IT’S ALL well and good to throw money and parts at a 4x4, but it’s the results that matter. Recent improvements in shock and spring technology, combined with adjustable suspension links and tuneable sway-bars, means that ride and handling can be improved while suspension articulation can be dialled in to suit the driver’s needs perfectly.
Of course, this all pales in comparison to real-world experience, so we’ve enlisted the help of two owners of late-model, live axleconverted 4x4s to give their opinions. Ray Pisani is the owner of the pristine white Hilux on these pages, while Jarad Roberts is the owner of the tough-as-nails Triton featured in our July 2016 issue (page 64).
“The first set-up was radius arms, and that handled just as good as IFS considering it was three inches taller on 35s. Seldom Seen Engineering did a good job setting it up as an all-round 4x4 as if it was done by Toyota. After a year or two I wanted more travel and that’s when Automotive Etcellence 3-linked the front. It’s a bit looser on-road but still drives well. Off-road it flexes through the biggest ruts and sits so flat, a lot smoother than the radius arm set-up. If it was a dedicated tourer I’d run radius arms, but at the moment I’m having fun tackling the hard tracks and the 3link is perfect for that.”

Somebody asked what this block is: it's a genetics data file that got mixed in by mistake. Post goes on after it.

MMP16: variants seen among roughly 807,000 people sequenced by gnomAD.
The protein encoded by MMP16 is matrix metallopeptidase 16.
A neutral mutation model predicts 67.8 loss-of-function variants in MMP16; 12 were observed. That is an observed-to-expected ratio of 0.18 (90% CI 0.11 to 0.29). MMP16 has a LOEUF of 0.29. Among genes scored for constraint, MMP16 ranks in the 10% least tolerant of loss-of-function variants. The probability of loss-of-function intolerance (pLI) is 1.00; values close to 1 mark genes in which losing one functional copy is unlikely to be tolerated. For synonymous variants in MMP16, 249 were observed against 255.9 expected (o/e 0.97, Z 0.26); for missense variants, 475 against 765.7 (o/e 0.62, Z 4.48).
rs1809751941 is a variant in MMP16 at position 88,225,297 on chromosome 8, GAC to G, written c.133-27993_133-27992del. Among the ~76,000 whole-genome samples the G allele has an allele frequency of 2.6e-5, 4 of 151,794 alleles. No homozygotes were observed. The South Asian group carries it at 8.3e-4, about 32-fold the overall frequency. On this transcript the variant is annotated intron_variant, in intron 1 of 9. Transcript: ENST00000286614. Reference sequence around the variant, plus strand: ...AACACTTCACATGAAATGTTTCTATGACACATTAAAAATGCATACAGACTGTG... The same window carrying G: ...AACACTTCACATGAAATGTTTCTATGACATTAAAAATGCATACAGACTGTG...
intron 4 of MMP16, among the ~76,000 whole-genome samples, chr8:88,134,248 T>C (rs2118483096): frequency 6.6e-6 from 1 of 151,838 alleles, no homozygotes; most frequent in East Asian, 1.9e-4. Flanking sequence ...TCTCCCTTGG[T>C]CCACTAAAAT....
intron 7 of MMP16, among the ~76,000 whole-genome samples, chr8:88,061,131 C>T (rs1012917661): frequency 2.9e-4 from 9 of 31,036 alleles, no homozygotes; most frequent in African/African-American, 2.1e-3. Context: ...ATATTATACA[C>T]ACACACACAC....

“It’s a softer ride all around, but it does have a bit of body roll. The steering is a little heavier than it was originally, too. The front has a heavy spring rate, which helps keep it nice and stiff.
“Off-road it definitely shines. People get caught up with flex being the be all and end all, but having the strength in the front diff is the biggest advantage for me. I can run 37s and never worry about breakages, whereas with the IFS and 35s I was always snapping CV joints, even nursing it with custom-made, heavy-duty units.”